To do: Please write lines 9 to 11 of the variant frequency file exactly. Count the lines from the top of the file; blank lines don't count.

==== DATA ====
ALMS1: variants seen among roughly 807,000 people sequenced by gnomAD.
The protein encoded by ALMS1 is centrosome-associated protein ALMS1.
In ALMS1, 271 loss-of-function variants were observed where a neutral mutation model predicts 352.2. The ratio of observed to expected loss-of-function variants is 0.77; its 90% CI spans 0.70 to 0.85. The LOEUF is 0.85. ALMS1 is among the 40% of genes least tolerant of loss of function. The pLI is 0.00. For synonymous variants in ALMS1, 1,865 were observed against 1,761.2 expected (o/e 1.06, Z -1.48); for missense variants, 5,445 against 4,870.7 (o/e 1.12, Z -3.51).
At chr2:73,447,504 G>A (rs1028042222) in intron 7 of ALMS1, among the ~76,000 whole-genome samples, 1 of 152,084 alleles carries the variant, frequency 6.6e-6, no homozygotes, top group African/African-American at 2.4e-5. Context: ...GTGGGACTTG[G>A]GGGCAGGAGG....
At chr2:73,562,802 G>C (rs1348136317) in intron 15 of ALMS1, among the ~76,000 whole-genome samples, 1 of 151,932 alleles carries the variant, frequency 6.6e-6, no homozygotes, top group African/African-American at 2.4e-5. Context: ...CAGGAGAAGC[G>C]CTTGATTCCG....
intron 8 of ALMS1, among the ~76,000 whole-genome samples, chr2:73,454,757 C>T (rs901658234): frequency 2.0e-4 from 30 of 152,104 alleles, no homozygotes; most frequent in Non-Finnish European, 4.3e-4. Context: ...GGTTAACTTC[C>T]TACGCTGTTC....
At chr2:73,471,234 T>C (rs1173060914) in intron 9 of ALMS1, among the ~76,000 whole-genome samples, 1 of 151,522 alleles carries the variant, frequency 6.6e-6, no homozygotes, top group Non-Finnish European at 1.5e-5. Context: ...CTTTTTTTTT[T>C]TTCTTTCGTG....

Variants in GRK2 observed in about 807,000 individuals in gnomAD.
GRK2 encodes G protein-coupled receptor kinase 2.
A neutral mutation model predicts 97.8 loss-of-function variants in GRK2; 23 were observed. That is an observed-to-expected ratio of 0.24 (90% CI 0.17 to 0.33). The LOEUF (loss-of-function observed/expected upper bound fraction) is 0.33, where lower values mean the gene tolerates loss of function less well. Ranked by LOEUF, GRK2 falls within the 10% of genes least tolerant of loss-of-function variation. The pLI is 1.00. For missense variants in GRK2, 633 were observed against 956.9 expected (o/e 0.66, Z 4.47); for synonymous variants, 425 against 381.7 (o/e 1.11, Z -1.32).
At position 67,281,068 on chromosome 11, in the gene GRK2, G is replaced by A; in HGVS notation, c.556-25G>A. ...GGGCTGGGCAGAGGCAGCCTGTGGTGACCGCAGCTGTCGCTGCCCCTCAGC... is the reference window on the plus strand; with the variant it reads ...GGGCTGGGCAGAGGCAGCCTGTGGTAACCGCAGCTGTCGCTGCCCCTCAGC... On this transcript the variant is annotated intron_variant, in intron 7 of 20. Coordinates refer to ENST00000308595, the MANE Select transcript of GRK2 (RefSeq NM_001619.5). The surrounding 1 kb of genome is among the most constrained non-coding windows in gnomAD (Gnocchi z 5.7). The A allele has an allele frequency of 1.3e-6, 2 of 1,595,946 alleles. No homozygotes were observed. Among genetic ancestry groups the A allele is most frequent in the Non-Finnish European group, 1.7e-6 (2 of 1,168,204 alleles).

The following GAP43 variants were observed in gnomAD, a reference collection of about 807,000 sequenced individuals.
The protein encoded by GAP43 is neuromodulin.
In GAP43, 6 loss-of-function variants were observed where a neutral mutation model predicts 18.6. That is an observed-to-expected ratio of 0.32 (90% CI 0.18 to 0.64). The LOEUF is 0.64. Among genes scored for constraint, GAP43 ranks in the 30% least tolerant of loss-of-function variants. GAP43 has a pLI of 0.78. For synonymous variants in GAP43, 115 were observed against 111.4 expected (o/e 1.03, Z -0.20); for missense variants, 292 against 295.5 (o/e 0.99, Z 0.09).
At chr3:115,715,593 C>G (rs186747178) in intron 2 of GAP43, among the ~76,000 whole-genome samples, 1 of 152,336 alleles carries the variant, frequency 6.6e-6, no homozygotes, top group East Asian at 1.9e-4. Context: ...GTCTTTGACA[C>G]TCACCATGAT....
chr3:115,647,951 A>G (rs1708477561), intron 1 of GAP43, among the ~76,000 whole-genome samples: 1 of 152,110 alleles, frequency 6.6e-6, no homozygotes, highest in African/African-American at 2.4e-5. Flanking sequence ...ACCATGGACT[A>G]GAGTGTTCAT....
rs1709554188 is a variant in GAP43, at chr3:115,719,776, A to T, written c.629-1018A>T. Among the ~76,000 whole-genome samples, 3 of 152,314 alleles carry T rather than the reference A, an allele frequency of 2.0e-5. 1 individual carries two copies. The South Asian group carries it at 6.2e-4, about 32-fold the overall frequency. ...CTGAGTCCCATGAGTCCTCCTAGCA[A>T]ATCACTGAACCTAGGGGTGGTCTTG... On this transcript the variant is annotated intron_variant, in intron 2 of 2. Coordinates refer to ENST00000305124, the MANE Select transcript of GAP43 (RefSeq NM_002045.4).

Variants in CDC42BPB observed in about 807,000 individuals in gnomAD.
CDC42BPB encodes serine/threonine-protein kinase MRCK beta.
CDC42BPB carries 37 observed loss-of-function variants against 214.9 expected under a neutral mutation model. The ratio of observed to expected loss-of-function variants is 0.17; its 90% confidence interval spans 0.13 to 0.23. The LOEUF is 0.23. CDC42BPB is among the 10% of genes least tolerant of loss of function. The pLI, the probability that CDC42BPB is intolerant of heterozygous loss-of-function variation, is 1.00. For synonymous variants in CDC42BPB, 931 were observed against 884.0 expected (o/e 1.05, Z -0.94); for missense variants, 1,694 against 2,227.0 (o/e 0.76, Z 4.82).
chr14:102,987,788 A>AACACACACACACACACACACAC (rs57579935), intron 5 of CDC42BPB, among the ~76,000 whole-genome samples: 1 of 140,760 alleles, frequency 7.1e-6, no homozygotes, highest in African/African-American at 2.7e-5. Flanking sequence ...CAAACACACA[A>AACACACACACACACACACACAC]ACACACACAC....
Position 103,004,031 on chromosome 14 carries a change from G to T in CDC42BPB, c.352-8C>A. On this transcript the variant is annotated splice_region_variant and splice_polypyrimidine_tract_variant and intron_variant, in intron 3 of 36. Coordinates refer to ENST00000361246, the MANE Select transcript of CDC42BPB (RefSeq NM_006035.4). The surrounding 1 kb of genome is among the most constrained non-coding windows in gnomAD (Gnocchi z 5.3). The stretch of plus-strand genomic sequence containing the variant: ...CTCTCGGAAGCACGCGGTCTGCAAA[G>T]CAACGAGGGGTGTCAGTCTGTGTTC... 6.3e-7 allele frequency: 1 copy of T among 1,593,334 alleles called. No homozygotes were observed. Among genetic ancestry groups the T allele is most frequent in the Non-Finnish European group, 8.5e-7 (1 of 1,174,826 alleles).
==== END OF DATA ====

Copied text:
GRK2 encodes G protein-coupled receptor kinase 2.
A neutral mutation model predicts 97.8 loss-of-function variants in GRK2; 23 were observed. That is an observed-to-expected ratio of 0.24 (90% CI 0.17 to 0.33). The LOEUF (loss-of-function observed/expected upper bound fraction) is 0.33, where lower values mean the gene tolerates loss of function less well. Ranked by LOEUF, GRK2 falls within the 10% of genes least tolerant of loss-of-function variation. The pLI is 1.00. For missense variants in GRK2, 633 were observed against 956.9 expected (o/e 0.66, Z 4.47); for synonymous variants, 425 against 381.7 (o/e 1.11, Z -1.32).
At position 67,281,068 on chromosome 11, in the gene GRK2, G is replaced by A; in HGVS notation, c.556-25G>A. ...GGGCTGGGCAGAGGCAGCCTGTGGTGACCGCAGCTGTCGCTGCCCCTCAGC... is the reference window on the plus strand; with the variant it reads ...GGGCTGGGCAGAGGCAGCCTGTGGTAACCGCAGCTGTCGCTGCCCCTCAGC... On this transcript the variant is annotated intron_variant, in intron 7 of 20. Coordinates refer to ENST00000308595, the MANE Select transcript of GRK2 (RefSeq NM_001619.5). The surrounding 1 kb of genome is among the most constrained non-coding windows in gnomAD (Gnocchi z 5.7). The A allele has an allele frequency of 1.3e-6, 2 of 1,595,946 alleles. No homozygotes were observed. Among genetic ancestry groups the A allele is most frequent in the Non-Finnish European group, 1.7e-6 (2 of 1,168,204 alleles).